Quantum mechanics may force you to think some wild things about the way the Universe works, but it has some real applications. One of the theory’s main quirks allows for a special kind of quantum link, one that can send incredibly secure messages or transmit data for quantum computing. Tests of these links exist on Earth, in space, and now, underwater.
Chinese scientists have already set up this quantum link between the ground and a satellite, and even “quantum teleported” a particle (which is not really teleportation). Given the importance of underwater communications like the fiber optics used to transmit telephone and internet data, one team reports that they’ve now performed the crucial test required to set up an underwater quantum link without any cables.
The results are super preliminary, but “confirm the feasibility of a seawater quantum channel, representing the first step towards underwater quantum communication,” the researchers write in a study published this month in the journal Optics Express.
Whether there will ever be an application for such an underwater link remains to be seen. But if the researchers are successful in the difficult challenge of extending it past the ten feet they tested it, it could mean a new way to send quantum-encrypted messages between submarines or send data from quantum computers between locations separated by water.
Here’s your quick quantum mechanics crash course: The tiniest units of matter like electrons and photons (individual units of light) can behave like both waves and particles at the same time. Each of these units’ properties are “quantized,” meaning the properties can only take on certain assigned values. Before you actually observe the properties, it’s impossible to tell what the value is—you just get a probability assigned to each of the possible options in a list called the wavefunction. Once you measure the system, the wavefunction “collapses” and the unit assumes the properties you observe.
The weird stuff kicks in when you “entangle” particles together, making them interact in a way that the particles must be described using the same list of probabilities. No matter how far apart the particles separate, they still seem to be aware of one another, such that observing the properties of one immediately causes the other particle to assume its corresponding property.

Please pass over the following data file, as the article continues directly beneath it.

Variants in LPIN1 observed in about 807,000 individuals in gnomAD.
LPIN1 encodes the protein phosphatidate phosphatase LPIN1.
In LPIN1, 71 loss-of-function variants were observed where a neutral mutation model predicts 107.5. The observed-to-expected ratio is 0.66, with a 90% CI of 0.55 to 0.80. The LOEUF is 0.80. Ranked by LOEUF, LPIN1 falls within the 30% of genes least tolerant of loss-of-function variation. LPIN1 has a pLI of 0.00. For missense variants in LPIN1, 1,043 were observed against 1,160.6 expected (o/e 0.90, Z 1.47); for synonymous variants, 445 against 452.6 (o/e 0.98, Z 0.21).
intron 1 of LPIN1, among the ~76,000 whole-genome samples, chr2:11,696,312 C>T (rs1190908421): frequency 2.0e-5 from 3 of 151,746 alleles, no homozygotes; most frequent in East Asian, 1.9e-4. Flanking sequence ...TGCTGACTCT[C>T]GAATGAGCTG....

The Chinese scientists bestowed photons from a laser with different polarizations (the direction their waves travel perpendicularly to the photon’s forward motion) by passing the light through a series of crystal, filters, and mirrors. Their experiment then splits the beam, keeps one of the two entangled photons on one side, and passes the other one through a ten-foot-long tube containing one of several seawater samples.
It worked, according to the paper, and the researchers calculated that they’d successfully entangled the photons, even after passing one through the water-filled tube. “It encourages us to look into a longer achievable communication distance,” they write.
These results are a proof-of-concept, for sure—the particle still travels through a tube and only over a few meters, a distance over which you might as well just verbalize the message out loud. Researchers have already entangled photons through space over a thousand kilometers.
One physicist was unsurprised, and another was skepitcal that the researchers would set up a much longer link, reports New Scientist. “Because ocean water absorbs light, extending this is going to difficult,” University of Missouri computer science professor Jeffrey Uhlmann told them. But another source said that maybe submarines could use such a channel to communicate securely.
But you won’t know unless you try, I suppose.